Does the form of our Liturgy matter? Does it make an impact on the Church, Society, and souls?
Brian Holdsworth discusses liturgy and why it matters.
I’ve done a few videos on aspects of our Catholic culture, with a focus on liturgy and music, in the past and it’s given me the opportunity to encounter some feedback and rebuttals from commenters as well as people I know personally, so I wanted to make another video addressing some of those sentiments.
One argument I’ve seen out there and have had addressed to me is that the Church has a rich history of recognizing what is good in the culture around it and adopting those things into it. So this is why it’s perfectly fine for us to take elements of pop culture and integrate them into our worship.
And this is true the Church has drawn from cultural influences in the past and many of the things that are associated with traditional Catholicism were not familiar to the early Church.
One example is ancestor worship in pagan culture. We recognized a need to look to our ancestors, especially those who were virtuous and left behind a deposit of prosperity and knowledge. So we used the communion of saints as a way to communicate what those pagan cultures were trying to grasp.
But notice that that is an example of taking something and elevating it so that it is more true and good, not less.
But what we have today, in your average Catholic parish, isn’t a case in which we’re taking something good in our culture and elevating it to become something more good, true, or beautiful, but rather we’re reproducing it in ways that actually reduce it’s appeal.
More than that, the popular music of today finds its appeal though novelty and fashion. It’s the offspring of an art establishment that is based on the philosophy of modernism which is where we get ideas like, “Beauty is in the eye of the beholder”. In other words, your subjective taste defines what is beautiful. This idea is utterly incompatible with Christianity which has always taught that God is beauty and, therefore, is objective. It exists outside and apart from your particular preferences.
And this brings me to another really popular argument that is out there. It’s a plea to a relativistic idea that we should each seek what happens to appeal to us. If I like chant, I should go to a Latin mass, if you like folk, you should go to a Novus Ordo. If someone else likes third rate 80’s rock ballads, they should go to a youth mass.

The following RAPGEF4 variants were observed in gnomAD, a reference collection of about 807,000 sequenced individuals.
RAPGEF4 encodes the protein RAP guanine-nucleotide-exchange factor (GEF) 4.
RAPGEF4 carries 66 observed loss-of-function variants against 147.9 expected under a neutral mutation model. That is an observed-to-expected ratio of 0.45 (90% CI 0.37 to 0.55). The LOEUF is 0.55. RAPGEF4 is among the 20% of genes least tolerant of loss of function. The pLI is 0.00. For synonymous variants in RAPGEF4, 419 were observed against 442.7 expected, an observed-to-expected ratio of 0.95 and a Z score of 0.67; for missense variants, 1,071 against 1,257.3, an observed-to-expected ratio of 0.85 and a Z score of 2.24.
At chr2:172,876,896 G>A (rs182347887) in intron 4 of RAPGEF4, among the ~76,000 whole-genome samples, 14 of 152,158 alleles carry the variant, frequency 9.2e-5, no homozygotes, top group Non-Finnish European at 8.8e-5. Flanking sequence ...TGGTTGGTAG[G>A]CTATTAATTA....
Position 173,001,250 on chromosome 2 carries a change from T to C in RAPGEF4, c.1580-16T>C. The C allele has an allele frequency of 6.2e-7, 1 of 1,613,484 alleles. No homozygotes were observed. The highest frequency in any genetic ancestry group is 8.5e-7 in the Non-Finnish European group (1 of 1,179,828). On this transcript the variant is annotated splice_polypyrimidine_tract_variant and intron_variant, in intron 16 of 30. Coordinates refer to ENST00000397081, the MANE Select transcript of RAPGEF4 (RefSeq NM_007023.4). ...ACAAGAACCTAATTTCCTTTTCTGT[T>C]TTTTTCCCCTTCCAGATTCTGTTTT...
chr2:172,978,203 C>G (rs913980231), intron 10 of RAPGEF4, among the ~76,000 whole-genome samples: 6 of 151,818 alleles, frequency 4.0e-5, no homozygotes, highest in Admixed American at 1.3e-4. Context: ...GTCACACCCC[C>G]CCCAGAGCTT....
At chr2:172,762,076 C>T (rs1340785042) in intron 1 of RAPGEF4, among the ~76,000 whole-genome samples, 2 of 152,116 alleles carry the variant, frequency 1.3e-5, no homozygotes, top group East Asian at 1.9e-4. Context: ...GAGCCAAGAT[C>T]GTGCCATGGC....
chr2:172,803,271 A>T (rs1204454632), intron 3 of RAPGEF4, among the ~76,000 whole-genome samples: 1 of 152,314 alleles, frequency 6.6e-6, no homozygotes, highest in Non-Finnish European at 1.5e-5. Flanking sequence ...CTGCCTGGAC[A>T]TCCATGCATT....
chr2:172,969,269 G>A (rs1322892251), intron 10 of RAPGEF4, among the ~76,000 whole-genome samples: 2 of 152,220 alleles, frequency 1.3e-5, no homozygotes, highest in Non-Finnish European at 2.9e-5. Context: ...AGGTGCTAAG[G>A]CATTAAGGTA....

OK, let’s say, for the sake of argument, that there’s nothing fundamentally wrong with this line of reasoning. Is the Church not universal? What’s the likelihood that the parish in my neighborhood, which is where I’m supposed to go, is going to succeed in this method in appealing to my particular tastes?
And if it doesn’t, does that mean that I’m just out of luck. Too bad for me, I guess I have to drive halfway across the city to find something I like. What’s the likelihood that any of these attempts are going to actually appeal to our youth? Are we actually so naïve that we think that we will succeed in appealing to their tastes in popular music? And if the unlikely event that we do succeed in that occurs, will there be anything recognizably Christian left in it?
If the Church is universal and a place that should welcome all, shouldn’t we be trying to avoid a presentation of the faith that only appeals to one cultural persuasion. Because we have to choose something at the end of the day. That’s why sacred music is such a good fit. It transcends fashions and preferences. It avoids all fashions and, thereby, has an appeal that is universal.
Here’s the thing, liturgy isn’t entertainment. Your religion doesn’t exist to amuse you. Your religion is an emersion into the death and resurrection of the second person of the divine trinity which was necessary for the expiation of human evil. How do you look at that and say, well, as long as they’re playing my kind of music.
People who advocate for traditional liturgy aren’t doing it because it best reflects their taste in music. They’re doing it because they recognize that God is Beauty, as has always been taught, and since he is, that means that beauty is objective. Beauty exists outside and apart from yours or my subjective taste. Our taste is irrelevant. Instead of trying to enforce our preferences onto everyone else, we should be trying to allow ourselves and our tastes to be transformed so that they better correspond to the objective reality of God’s beauty.
I didn’t become Catholic because it was the most appealing to me. I became Catholic because it’s true. Likewise, I’m not trying to find a liturgical environment that suits my taste.
I’m trying to find one that best reflects the objective reality of God’s beauty. My money’s on the one that first understood that it is objective and second held captive the spiritual imagination of countless generations of Christians for centuries.